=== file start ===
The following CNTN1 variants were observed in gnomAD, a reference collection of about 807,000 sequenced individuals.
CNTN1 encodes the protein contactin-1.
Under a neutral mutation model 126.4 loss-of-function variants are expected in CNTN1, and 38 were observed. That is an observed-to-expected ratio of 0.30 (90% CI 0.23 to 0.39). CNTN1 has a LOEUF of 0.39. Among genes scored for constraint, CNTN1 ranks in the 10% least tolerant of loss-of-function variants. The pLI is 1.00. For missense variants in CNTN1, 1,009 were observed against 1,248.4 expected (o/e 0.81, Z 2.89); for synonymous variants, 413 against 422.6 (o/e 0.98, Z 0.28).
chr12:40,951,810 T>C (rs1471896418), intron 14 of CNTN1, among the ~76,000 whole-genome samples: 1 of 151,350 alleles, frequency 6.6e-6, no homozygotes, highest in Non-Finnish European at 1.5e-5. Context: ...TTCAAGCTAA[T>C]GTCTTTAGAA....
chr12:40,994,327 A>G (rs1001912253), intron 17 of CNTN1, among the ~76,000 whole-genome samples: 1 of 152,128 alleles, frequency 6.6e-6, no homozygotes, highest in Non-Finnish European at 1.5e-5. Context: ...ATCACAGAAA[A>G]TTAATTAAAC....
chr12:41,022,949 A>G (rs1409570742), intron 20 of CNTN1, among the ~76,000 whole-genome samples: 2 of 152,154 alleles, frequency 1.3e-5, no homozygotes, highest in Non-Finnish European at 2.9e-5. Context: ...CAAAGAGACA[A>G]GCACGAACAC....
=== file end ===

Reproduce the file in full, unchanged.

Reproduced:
The following CNTN1 variants were observed in gnomAD, a reference collection of about 807,000 sequenced individuals.
CNTN1 encodes the protein contactin-1.
Under a neutral mutation model 126.4 loss-of-function variants are expected in CNTN1, and 38 were observed. That is an observed-to-expected ratio of 0.30 (90% CI 0.23 to 0.39). CNTN1 has a LOEUF of 0.39. Among genes scored for constraint, CNTN1 ranks in the 10% least tolerant of loss-of-function variants. The pLI is 1.00. For missense variants in CNTN1, 1,009 were observed against 1,248.4 expected (o/e 0.81, Z 2.89); for synonymous variants, 413 against 422.6 (o/e 0.98, Z 0.28).
chr12:40,951,810 T>C (rs1471896418), intron 14 of CNTN1, among the ~76,000 whole-genome samples: 1 of 151,350 alleles, frequency 6.6e-6, no homozygotes, highest in Non-Finnish European at 1.5e-5. Context: ...TTCAAGCTAA[T>C]GTCTTTAGAA....
chr12:40,994,327 A>G (rs1001912253), intron 17 of CNTN1, among the ~76,000 whole-genome samples: 1 of 152,128 alleles, frequency 6.6e-6, no homozygotes, highest in Non-Finnish European at 1.5e-5. Context: ...ATCACAGAAA[A>G]TTAATTAAAC....
chr12:41,022,949 A>G (rs1409570742), intron 20 of CNTN1, among the ~76,000 whole-genome samples: 2 of 152,154 alleles, frequency 1.3e-5, no homozygotes, highest in Non-Finnish European at 2.9e-5. Context: ...CAAAGAGACA[A>G]GCACGAACAC....